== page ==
But most significantly for these two Bucks County born-and-raised musicians is the opening band for the night: Found Wild, their new duo project based around Arnold’s songwriting. Though he’s always been a vocalist as part of Good Old War’s three-part harmony ensemble, this project marks his first time singing lead. It’s also his first time as the primary songwriter in a band, and after an emotionally taxing handful of years, he had a lot to sing about.
Yesterday, WXPN debuted “Nothing Gold Can Last” by Found Wild, a new project comprised of Good Old War members Keith Goodwin and Tim Arnold, and if you don’t think I’m the MOST excited about this collab, then you’re wrong. (They’re at the very beginning stages, so an Instagram link is all I can share with you at the moment). To make it even better, they’ll be opening Anthony Green’s Avalon tour this summer before Good Old War in its entirety takes the stage. It’s a little mind-boggling, everybody just playing within different variations of the same band, but I have hope that Found Wild will stray from the typical GOW sound into something more unique. Continue reading →
Sometime in the previous decade, Philadelphia’s underground LGBT / queer community stepped out of the pit and onto the dancefloor, oftentimes transforming those same basements and living rooms that nurtured punk rock and other alternative bands into clubs. Powered amps were lugged, turntables were plugged in, and mics were checked. Out of this explosion of banging beats, and with the influence of Philly’s groundbreaking vogue/ballroom scene, the eponymous “queer dance party” was born. Venues like Elena’s Soul and the Treehouse were West Philly staples, where DJ’s like Seltzer’s DJ Precolumbian carved out a musical identity for themselves despite the odds volleyed at marginalized people.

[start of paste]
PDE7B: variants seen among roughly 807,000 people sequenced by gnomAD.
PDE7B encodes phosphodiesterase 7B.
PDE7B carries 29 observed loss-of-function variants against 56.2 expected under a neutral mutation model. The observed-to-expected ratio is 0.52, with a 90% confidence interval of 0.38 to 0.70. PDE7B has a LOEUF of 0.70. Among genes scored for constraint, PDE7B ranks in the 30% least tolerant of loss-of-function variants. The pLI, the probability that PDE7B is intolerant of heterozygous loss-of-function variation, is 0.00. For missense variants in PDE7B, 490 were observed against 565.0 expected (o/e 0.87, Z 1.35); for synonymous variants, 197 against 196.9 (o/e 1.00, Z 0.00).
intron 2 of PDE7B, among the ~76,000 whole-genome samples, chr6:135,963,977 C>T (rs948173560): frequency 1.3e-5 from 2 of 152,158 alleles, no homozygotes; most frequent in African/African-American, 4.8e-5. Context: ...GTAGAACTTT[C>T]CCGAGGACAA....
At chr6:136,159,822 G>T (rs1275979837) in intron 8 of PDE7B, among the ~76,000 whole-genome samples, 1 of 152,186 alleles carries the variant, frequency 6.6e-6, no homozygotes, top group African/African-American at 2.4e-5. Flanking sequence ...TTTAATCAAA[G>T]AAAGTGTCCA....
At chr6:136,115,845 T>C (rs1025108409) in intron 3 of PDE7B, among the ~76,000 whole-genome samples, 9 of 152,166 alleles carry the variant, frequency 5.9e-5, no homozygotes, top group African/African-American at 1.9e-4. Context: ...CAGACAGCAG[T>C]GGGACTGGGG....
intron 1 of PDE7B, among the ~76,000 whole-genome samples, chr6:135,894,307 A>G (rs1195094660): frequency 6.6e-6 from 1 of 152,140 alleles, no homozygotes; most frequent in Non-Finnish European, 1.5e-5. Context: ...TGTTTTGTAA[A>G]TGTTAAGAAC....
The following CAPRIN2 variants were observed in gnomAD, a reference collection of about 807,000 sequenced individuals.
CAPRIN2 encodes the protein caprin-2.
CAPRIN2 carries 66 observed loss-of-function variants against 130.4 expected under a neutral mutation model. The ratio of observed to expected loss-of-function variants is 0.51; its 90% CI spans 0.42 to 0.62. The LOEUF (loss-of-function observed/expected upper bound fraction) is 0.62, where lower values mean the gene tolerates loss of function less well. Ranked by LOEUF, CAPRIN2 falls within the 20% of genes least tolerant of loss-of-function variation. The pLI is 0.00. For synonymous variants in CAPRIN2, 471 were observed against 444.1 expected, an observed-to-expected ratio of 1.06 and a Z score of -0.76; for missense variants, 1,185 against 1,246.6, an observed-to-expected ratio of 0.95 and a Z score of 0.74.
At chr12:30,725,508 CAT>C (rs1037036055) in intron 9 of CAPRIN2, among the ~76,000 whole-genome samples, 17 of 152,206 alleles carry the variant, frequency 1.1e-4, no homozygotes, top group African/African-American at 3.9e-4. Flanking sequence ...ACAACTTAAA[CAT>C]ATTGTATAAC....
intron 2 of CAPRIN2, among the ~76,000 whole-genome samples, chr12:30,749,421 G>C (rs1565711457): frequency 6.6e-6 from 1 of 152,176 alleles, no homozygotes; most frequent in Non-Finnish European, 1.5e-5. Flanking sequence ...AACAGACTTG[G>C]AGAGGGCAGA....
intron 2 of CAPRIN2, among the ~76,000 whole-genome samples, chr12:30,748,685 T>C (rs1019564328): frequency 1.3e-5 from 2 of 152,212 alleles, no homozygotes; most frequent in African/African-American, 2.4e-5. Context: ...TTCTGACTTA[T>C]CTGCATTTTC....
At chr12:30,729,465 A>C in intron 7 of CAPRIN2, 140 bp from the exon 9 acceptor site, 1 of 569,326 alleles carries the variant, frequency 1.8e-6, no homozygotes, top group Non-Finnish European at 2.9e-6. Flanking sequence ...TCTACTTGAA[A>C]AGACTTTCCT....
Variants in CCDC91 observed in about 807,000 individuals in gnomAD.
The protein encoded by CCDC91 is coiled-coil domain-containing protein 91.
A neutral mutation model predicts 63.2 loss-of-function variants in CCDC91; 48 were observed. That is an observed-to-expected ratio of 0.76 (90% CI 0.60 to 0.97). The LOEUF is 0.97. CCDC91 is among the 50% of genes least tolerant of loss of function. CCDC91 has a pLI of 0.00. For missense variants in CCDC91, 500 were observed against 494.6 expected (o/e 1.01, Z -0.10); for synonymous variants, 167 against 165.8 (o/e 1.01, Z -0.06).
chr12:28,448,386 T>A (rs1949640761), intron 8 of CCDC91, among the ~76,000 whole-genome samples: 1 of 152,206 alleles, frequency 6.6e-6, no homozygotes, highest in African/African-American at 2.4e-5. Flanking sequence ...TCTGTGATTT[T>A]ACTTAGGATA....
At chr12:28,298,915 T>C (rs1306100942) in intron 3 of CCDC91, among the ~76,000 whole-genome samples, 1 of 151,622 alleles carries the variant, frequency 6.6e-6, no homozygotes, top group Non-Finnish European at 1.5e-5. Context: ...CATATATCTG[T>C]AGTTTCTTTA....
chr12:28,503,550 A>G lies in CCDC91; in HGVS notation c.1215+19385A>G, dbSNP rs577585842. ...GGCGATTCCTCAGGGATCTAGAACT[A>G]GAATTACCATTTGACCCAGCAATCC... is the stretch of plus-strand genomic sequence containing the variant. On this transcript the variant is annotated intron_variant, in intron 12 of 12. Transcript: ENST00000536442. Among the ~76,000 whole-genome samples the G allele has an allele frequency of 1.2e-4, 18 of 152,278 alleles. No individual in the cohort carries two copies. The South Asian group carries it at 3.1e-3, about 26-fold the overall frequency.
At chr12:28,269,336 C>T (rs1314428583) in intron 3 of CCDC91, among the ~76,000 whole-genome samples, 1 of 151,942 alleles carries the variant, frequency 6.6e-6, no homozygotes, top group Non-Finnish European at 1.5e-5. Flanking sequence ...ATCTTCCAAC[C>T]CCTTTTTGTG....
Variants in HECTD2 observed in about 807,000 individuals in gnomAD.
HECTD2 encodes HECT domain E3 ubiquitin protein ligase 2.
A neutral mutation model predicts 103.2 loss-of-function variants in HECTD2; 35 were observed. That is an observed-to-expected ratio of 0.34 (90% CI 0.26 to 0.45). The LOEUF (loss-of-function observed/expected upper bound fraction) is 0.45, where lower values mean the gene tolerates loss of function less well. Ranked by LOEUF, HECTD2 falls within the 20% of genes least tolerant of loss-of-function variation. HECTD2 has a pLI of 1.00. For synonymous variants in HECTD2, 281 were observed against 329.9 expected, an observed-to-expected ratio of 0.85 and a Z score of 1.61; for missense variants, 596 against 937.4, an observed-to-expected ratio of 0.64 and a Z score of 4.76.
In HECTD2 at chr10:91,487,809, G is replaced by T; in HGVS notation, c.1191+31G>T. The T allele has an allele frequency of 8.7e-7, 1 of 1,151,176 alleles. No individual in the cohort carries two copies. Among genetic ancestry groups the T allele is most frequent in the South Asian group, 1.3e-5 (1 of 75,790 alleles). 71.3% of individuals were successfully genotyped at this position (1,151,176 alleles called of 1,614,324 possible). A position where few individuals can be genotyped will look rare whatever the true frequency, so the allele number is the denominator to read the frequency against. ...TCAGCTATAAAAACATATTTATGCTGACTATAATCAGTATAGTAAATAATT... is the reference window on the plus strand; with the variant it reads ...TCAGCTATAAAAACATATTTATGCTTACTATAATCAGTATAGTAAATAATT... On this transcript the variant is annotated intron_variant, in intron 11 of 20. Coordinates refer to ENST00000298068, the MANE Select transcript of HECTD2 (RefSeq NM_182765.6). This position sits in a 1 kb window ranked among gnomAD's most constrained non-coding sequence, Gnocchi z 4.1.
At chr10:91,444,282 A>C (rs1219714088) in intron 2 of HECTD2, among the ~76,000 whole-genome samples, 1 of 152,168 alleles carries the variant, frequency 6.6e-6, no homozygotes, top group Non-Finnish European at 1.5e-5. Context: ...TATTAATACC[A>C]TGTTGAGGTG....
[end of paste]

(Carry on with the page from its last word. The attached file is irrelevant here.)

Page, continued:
Seltzer is that new, new though; a roving party building on the legacy of queer involvement in house, techno, hip hop and dance music, injected with the raw, nervous energy of downtown ’80’s New York. As such, it’s more than a movement and difficult to pin down to one specific sound. Certainly, there is the ever-present vogue battle beats or the syncopated rhythm and bash of Philly / Jersey club blasting out of speakers. But its playlist is also informed by world music, EDM, and experimental music– like a Soundcloud autoplaying from a queer, utopian Cybertron. With this eclectic, yet culturally refined soundtrack, DJ Precolumbian, along with Bearcat and the whole Seltzer squad, are all set to push boundaries, move bodies, and foster community all at once. With their one-year anniversary party happening this weekend, we sat down with Precolumbian and got the entire dish on Seltzer and what these parties mean for the future of queer dance sounds in Philly and beyond. Continue reading →